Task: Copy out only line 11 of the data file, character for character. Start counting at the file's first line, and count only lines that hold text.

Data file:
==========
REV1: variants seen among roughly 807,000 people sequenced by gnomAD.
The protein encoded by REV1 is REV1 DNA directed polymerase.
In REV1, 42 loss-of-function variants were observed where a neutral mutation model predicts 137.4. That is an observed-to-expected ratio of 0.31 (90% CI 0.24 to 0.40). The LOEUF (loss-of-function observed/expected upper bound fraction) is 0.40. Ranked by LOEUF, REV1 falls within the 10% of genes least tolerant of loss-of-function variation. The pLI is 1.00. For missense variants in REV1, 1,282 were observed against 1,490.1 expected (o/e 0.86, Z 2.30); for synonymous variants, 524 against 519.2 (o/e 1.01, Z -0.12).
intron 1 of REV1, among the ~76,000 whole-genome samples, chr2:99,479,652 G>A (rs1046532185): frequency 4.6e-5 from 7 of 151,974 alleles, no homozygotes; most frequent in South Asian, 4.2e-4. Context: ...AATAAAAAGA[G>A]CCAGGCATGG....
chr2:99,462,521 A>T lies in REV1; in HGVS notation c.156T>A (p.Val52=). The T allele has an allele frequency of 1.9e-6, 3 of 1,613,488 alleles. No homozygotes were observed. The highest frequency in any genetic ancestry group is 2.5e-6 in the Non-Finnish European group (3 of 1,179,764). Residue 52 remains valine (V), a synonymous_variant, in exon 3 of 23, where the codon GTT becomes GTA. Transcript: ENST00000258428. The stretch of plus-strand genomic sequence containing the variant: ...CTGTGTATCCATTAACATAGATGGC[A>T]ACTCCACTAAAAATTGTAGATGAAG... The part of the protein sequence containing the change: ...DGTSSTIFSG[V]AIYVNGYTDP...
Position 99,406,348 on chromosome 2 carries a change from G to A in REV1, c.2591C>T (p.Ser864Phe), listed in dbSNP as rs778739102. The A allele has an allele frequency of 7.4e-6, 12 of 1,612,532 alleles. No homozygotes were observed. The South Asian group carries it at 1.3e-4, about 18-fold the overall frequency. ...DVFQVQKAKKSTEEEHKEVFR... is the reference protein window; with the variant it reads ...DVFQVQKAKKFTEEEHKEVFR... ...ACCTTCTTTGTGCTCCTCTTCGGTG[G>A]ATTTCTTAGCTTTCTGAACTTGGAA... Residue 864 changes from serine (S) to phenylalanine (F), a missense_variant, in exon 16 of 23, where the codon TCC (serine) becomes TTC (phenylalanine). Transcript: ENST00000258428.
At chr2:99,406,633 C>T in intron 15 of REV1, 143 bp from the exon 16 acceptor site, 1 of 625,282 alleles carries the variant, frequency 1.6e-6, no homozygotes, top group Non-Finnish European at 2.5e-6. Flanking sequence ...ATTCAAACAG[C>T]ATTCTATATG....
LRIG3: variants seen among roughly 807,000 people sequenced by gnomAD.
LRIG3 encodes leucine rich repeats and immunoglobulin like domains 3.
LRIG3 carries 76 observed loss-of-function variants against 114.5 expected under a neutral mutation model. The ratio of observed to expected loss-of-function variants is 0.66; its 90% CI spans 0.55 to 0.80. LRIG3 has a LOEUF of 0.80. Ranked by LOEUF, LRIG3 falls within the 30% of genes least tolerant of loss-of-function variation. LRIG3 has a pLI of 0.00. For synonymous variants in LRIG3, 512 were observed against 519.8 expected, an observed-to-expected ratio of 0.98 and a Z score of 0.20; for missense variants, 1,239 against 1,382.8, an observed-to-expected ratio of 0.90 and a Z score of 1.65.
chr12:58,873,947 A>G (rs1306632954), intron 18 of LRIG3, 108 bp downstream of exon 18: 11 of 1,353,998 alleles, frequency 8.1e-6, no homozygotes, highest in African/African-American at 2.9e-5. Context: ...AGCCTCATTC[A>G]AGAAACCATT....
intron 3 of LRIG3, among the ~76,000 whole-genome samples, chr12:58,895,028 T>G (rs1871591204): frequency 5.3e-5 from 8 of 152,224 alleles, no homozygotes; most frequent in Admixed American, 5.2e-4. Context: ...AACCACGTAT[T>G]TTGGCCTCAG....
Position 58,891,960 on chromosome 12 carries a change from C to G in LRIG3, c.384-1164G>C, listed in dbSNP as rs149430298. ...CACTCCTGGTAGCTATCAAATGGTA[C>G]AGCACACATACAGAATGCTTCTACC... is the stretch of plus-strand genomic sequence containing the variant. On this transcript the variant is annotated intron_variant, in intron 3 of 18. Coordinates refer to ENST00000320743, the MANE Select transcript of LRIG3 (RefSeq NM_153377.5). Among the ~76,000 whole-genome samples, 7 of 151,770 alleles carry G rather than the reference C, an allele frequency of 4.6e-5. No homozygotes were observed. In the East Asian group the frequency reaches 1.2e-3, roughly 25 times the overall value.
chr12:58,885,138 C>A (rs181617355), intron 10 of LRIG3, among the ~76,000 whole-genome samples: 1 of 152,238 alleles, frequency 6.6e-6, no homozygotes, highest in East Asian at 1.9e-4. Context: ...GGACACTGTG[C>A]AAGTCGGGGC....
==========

chr12:58,873,947 A>G (rs1306632954), intron 18 of LRIG3, 108 bp downstream of exon 18: 11 of 1,353,998 alleles, frequency 8.1e-6, no homozygotes, highest in African/African-American at 2.9e-5. Context: ...AGCCTCATTC[A>G]AGAAACCATT....